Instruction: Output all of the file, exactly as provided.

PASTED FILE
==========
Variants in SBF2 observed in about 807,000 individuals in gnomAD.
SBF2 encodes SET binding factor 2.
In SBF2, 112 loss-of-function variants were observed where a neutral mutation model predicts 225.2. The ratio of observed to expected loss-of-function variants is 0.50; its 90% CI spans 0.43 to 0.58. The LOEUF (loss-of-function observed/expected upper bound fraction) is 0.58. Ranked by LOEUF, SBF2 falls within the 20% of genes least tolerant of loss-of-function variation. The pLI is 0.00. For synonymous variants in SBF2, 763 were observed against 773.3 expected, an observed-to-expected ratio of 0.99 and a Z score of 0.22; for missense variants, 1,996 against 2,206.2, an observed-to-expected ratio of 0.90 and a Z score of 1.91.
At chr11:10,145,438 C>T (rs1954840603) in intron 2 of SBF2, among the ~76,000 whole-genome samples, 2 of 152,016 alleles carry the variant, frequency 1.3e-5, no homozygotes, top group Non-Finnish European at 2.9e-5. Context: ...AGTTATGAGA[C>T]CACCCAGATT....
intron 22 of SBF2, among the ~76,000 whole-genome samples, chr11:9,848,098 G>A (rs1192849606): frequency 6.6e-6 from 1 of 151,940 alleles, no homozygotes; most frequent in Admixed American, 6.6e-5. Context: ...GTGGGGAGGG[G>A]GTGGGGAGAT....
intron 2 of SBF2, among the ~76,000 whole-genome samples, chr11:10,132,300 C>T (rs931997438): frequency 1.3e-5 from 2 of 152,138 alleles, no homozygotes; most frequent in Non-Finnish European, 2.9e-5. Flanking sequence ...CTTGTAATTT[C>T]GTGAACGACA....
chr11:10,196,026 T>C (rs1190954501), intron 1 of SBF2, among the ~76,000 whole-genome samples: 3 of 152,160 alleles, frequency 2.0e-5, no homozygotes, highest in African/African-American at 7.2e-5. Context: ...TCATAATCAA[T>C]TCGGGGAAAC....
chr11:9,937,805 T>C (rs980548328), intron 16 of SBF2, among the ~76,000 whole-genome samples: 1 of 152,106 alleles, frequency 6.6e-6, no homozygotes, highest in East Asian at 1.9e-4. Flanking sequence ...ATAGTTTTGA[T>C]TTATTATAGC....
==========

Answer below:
Variants in SBF2 observed in about 807,000 individuals in gnomAD.
SBF2 encodes SET binding factor 2.
In SBF2, 112 loss-of-function variants were observed where a neutral mutation model predicts 225.2. The ratio of observed to expected loss-of-function variants is 0.50; its 90% CI spans 0.43 to 0.58. The LOEUF (loss-of-function observed/expected upper bound fraction) is 0.58. Ranked by LOEUF, SBF2 falls within the 20% of genes least tolerant of loss-of-function variation. The pLI is 0.00. For synonymous variants in SBF2, 763 were observed against 773.3 expected, an observed-to-expected ratio of 0.99 and a Z score of 0.22; for missense variants, 1,996 against 2,206.2, an observed-to-expected ratio of 0.90 and a Z score of 1.91.
At chr11:10,145,438 C>T (rs1954840603) in intron 2 of SBF2, among the ~76,000 whole-genome samples, 2 of 152,016 alleles carry the variant, frequency 1.3e-5, no homozygotes, top group Non-Finnish European at 2.9e-5. Context: ...AGTTATGAGA[C>T]CACCCAGATT....
intron 22 of SBF2, among the ~76,000 whole-genome samples, chr11:9,848,098 G>A (rs1192849606): frequency 6.6e-6 from 1 of 151,940 alleles, no homozygotes; most frequent in Admixed American, 6.6e-5. Context: ...GTGGGGAGGG[G>A]GTGGGGAGAT....
intron 2 of SBF2, among the ~76,000 whole-genome samples, chr11:10,132,300 C>T (rs931997438): frequency 1.3e-5 from 2 of 152,138 alleles, no homozygotes; most frequent in Non-Finnish European, 2.9e-5. Flanking sequence ...CTTGTAATTT[C>T]GTGAACGACA....
chr11:10,196,026 T>C (rs1190954501), intron 1 of SBF2, among the ~76,000 whole-genome samples: 3 of 152,160 alleles, frequency 2.0e-5, no homozygotes, highest in African/African-American at 7.2e-5. Context: ...TCATAATCAA[T>C]TCGGGGAAAC....
chr11:9,937,805 T>C (rs980548328), intron 16 of SBF2, among the ~76,000 whole-genome samples: 1 of 152,106 alleles, frequency 6.6e-6, no homozygotes, highest in East Asian at 1.9e-4. Flanking sequence ...ATAGTTTTGA[T>C]TTATTATAGC....